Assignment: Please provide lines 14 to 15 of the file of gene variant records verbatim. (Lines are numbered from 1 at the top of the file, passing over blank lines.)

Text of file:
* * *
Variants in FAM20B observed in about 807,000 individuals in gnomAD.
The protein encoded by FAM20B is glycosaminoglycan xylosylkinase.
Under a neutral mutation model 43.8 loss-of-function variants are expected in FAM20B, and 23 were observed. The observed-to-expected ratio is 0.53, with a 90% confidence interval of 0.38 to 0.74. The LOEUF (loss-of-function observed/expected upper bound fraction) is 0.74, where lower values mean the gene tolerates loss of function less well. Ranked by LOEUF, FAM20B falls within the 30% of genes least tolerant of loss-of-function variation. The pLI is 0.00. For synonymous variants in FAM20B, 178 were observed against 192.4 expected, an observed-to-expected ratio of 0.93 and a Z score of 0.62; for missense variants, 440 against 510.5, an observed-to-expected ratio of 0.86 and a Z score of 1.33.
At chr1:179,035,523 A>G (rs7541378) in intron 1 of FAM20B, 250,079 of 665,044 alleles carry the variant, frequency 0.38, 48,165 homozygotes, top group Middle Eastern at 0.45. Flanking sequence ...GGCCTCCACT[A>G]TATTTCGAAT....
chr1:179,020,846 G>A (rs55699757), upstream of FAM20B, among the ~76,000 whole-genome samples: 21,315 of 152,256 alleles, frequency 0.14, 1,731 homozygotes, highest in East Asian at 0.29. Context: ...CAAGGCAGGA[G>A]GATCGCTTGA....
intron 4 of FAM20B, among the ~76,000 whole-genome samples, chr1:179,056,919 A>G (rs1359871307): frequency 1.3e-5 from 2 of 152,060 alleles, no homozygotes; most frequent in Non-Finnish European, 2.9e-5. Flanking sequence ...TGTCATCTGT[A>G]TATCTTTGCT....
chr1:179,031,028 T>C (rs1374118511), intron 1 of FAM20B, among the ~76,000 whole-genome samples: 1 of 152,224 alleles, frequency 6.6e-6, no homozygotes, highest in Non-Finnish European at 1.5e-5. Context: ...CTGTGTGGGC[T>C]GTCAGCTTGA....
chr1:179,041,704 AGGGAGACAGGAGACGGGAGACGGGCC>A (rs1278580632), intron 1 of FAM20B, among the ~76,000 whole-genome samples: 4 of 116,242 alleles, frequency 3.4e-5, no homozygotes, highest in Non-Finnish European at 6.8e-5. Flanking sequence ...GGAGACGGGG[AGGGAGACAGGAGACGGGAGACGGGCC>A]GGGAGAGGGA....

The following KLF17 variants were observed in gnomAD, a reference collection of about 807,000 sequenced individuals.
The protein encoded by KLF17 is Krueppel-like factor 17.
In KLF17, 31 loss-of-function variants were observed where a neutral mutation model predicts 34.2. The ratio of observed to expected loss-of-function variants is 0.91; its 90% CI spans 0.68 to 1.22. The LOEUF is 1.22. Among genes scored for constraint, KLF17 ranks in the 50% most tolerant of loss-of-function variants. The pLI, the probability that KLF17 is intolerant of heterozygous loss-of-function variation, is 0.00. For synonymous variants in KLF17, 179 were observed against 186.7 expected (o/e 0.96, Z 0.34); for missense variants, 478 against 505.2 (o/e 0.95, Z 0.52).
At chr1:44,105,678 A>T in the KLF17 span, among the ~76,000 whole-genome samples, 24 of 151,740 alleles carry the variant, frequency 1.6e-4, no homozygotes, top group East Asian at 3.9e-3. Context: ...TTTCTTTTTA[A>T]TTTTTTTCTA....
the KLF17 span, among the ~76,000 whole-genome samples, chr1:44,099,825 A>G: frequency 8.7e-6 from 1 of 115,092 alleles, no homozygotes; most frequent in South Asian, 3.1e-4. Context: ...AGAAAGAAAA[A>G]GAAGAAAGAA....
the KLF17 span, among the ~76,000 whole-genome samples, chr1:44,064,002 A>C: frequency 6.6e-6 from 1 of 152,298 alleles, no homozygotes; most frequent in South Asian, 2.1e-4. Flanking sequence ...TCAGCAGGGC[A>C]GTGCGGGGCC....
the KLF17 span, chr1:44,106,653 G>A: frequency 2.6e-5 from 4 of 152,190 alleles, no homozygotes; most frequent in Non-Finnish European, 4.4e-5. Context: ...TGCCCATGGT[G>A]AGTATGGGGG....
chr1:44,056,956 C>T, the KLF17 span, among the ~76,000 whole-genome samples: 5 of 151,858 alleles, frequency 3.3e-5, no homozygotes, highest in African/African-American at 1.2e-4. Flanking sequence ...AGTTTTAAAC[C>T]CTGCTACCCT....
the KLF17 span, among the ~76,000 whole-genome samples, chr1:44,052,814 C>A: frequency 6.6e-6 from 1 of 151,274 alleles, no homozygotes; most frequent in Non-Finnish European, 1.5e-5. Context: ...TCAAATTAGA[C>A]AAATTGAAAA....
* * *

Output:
the KLF17 span, among the ~76,000 whole-genome samples, chr1:44,064,002 A>C: frequency 6.6e-6 from 1 of 152,298 alleles, no homozygotes; most frequent in South Asian, 2.1e-4. Flanking sequence ...TCAGCAGGGC[A>C]GTGCGGGGCC....
the KLF17 span, chr1:44,106,653 G>A: frequency 2.6e-5 from 4 of 152,190 alleles, no homozygotes; most frequent in Non-Finnish European, 4.4e-5. Context: ...TGCCCATGGT[G>A]AGTATGGGGG....